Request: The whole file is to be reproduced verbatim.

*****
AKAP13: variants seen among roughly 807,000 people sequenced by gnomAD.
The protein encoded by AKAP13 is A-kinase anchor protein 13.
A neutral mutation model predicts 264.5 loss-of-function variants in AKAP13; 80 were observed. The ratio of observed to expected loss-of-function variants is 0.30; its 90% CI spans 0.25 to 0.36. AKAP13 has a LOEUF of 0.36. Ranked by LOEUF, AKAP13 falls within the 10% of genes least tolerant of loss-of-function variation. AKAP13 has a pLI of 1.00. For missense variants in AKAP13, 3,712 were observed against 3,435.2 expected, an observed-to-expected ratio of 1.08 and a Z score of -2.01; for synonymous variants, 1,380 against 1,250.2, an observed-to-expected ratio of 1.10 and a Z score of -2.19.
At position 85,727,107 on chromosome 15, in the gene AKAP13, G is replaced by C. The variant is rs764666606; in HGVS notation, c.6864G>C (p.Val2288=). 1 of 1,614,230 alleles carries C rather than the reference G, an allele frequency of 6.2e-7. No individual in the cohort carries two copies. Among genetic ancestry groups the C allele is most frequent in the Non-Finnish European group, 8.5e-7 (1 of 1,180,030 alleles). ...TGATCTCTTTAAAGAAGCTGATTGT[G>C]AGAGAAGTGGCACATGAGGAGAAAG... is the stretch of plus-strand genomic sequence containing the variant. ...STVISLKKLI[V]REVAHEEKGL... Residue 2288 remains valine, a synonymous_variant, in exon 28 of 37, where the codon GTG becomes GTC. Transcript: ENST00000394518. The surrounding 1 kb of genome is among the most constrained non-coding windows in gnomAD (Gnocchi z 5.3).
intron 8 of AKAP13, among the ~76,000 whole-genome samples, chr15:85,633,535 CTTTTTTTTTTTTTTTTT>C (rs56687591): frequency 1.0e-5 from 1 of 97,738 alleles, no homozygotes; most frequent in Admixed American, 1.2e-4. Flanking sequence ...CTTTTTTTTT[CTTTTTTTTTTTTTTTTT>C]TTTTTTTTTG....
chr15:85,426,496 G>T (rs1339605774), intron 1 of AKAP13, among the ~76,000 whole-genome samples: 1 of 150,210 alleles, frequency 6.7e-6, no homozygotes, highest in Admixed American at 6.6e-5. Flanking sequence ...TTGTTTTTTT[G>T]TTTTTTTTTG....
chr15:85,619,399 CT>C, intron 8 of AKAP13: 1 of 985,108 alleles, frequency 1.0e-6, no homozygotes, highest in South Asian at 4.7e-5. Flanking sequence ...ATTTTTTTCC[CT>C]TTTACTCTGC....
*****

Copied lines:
AKAP13: variants seen among roughly 807,000 people sequenced by gnomAD.
The protein encoded by AKAP13 is A-kinase anchor protein 13.
A neutral mutation model predicts 264.5 loss-of-function variants in AKAP13; 80 were observed. The ratio of observed to expected loss-of-function variants is 0.30; its 90% CI spans 0.25 to 0.36. AKAP13 has a LOEUF of 0.36. Ranked by LOEUF, AKAP13 falls within the 10% of genes least tolerant of loss-of-function variation. AKAP13 has a pLI of 1.00. For missense variants in AKAP13, 3,712 were observed against 3,435.2 expected, an observed-to-expected ratio of 1.08 and a Z score of -2.01; for synonymous variants, 1,380 against 1,250.2, an observed-to-expected ratio of 1.10 and a Z score of -2.19.
At position 85,727,107 on chromosome 15, in the gene AKAP13, G is replaced by C. The variant is rs764666606; in HGVS notation, c.6864G>C (p.Val2288=). 1 of 1,614,230 alleles carries C rather than the reference G, an allele frequency of 6.2e-7. No individual in the cohort carries two copies. Among genetic ancestry groups the C allele is most frequent in the Non-Finnish European group, 8.5e-7 (1 of 1,180,030 alleles). ...TGATCTCTTTAAAGAAGCTGATTGT[G>C]AGAGAAGTGGCACATGAGGAGAAAG... is the stretch of plus-strand genomic sequence containing the variant. ...STVISLKKLI[V]REVAHEEKGL... Residue 2288 remains valine, a synonymous_variant, in exon 28 of 37, where the codon GTG becomes GTC. Transcript: ENST00000394518. The surrounding 1 kb of genome is among the most constrained non-coding windows in gnomAD (Gnocchi z 5.3).
intron 8 of AKAP13, among the ~76,000 whole-genome samples, chr15:85,633,535 CTTTTTTTTTTTTTTTTT>C (rs56687591): frequency 1.0e-5 from 1 of 97,738 alleles, no homozygotes; most frequent in Admixed American, 1.2e-4. Flanking sequence ...CTTTTTTTTT[CTTTTTTTTTTTTTTTTT>C]TTTTTTTTTG....
chr15:85,426,496 G>T (rs1339605774), intron 1 of AKAP13, among the ~76,000 whole-genome samples: 1 of 150,210 alleles, frequency 6.7e-6, no homozygotes, highest in Admixed American at 6.6e-5. Flanking sequence ...TTGTTTTTTT[G>T]TTTTTTTTTG....
chr15:85,619,399 CT>C, intron 8 of AKAP13: 1 of 985,108 alleles, frequency 1.0e-6, no homozygotes, highest in South Asian at 4.7e-5. Flanking sequence ...ATTTTTTTCC[CT>C]TTTACTCTGC....